Saving Arctic Seabirds North of Alaska
May 9, 2012
Hosted by Rob Moir
George Divoky, founder of Friends of Cooper Island, talks with Rob about his work studying the Black Guillemot seabird in Arctic Alaska. Lori Wark, web producer for Friends of Cooper Island, joined the conversation to explain how to get involved in this research. Since 1975 George has spent his summers on remote Cooper Island. What began as an ornithologist's quest to understand the behaviors of a rare seabird, however, has turned into the story of a changing Arctic. Due to the recent melting of Arctic sea ice in summer, polar bears have begun visiting the island in search of food, reducing breeding success to near zero by 2009. After that devastating year, George came up with a solution to protect breeding birds and their chicks. By modifying hard plastic cases, George created "bear-proof" nest sites. The Black Guillemots began moving into their new homes in 2010 with great success. Tune in to find out how you can sponsor a nest site and help to keep the research going.
Moir’s Environmental Dialogues
Archives Available on VoiceAmerica Variety Channel
With the knowledge of Carson and the courage of Achilles, individuals are steadfastly going the distance to defend wildlife and ecosystems from assaults of environmental degradations and destructions. Join environmental studies scientist Dr. Rob Moir for lively dialogue and revealing narrative inquiry into how individuals are overcoming the obstacles turning forlorn hope into effective actions for oceans, rivers, watersheds, wildlife and ecosystems. Discover how listening to individuals, thinking locally, and acting in concert with other, you can act to save ecosystems. Got environmental stewardship? Become an Eco-steward. Act to bring about a greener and blue Planet Earth.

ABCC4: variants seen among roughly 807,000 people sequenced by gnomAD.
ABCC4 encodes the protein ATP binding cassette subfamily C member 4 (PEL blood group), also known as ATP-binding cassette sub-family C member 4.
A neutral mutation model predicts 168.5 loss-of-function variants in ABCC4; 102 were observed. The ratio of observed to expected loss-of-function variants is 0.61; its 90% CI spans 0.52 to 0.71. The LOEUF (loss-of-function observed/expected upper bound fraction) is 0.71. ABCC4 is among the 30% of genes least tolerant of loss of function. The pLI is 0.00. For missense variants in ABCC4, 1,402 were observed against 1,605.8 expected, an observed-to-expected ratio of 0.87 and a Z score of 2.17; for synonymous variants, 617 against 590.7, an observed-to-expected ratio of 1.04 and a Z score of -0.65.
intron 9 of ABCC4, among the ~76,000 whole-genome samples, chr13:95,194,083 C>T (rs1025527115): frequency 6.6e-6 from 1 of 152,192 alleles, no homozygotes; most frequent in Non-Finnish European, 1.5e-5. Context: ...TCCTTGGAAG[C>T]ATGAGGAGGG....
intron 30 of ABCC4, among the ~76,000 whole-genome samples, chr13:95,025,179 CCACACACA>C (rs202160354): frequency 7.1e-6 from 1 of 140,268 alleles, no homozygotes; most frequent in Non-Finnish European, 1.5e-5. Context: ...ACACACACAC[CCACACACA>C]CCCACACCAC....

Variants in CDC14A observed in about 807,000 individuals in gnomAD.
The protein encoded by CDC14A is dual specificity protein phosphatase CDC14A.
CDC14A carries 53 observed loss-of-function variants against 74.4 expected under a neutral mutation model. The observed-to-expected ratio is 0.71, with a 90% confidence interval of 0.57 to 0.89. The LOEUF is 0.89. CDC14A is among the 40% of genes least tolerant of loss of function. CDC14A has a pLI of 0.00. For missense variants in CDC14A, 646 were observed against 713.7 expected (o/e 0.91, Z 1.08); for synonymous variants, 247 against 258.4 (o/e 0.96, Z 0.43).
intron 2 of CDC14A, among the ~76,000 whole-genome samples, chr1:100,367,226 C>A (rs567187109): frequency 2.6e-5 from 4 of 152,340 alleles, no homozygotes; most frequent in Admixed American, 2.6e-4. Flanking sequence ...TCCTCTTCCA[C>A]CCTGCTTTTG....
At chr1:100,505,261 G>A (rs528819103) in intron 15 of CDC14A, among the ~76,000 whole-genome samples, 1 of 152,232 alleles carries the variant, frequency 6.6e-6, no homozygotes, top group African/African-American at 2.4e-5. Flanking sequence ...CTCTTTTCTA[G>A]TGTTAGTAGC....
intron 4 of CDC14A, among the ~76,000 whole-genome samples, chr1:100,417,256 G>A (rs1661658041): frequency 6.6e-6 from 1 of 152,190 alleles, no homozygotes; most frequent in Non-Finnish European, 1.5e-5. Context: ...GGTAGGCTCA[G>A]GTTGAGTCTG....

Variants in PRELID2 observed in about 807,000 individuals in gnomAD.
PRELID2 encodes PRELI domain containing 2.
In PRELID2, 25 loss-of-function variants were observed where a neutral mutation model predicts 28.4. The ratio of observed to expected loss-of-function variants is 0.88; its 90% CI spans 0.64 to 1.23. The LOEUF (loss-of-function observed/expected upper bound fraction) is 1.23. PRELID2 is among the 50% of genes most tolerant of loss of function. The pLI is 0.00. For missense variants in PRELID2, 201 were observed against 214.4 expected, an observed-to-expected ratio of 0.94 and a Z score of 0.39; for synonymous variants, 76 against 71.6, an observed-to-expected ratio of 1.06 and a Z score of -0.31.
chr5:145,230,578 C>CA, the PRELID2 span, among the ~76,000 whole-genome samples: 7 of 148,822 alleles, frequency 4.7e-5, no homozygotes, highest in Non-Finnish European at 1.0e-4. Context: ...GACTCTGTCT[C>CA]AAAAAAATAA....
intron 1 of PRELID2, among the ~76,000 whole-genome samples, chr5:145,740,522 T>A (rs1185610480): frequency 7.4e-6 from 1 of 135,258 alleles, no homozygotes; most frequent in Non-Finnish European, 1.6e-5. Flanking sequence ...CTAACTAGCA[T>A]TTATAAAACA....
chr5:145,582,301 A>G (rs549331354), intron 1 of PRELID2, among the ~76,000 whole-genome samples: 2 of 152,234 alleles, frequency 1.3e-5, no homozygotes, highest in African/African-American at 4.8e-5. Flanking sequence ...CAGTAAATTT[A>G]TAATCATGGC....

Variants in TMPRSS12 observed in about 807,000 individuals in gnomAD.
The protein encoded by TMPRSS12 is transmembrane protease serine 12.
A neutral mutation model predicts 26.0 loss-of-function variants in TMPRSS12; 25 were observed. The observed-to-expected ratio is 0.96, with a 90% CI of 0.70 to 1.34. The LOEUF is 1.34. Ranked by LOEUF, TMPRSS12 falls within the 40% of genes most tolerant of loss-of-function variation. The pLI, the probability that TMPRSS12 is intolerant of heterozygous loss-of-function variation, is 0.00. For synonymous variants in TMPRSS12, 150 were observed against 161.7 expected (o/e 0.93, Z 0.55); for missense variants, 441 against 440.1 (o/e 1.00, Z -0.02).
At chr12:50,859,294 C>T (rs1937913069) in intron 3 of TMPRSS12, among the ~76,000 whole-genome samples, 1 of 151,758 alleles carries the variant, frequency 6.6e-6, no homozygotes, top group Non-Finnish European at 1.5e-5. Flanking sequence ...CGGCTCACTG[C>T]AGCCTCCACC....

Rob Moir is director and founder of the Ocean River Institute in Cambridge, Massachusetts. Dr. Moir, an educator and scientist, has been a leader of citizen science and efforts to clean up Salem Sound and Boston Harbor, as founder of Salem Sound Harbor Monitors & Salem Sound 2000, later president of Save the Harbor/Save the Bay, and through his appointment by the Secretary of Interior to the Boston Harbor Islands Partnership. He was formerly Curator of Natural History at the Peabody Essex Museum, Curator of Education at the New England Aquarium and Executive Director of the Discovery Museums in Acton, MA. Dr. Moir was awarded a Switzer Environmental Fellowship from the Robert & Patricia Switzer Foundation, and the James Centorino Award for Distinguished Performance in Marine Education by the National Marine Educators Association, which he later served as president. He was Sea Education Association’s first assistant scientist to work consecutive voyages of the R.V. Westward in 1979 and 1980, an advancement officer for his alma mater, Hampshire College and serves today on the boards of his alma mater, Cambridge School of Weston, Ocean Champions, and the Massachusetts League of Environmental Voters. Dr. Moir has a Ph.D. in Environmental Studies and a Masters of Science and Teaching from Antioch New England Graduate School in Keene, NH and certificate of studies from the Marine Biological Laboratory in Woods Hole.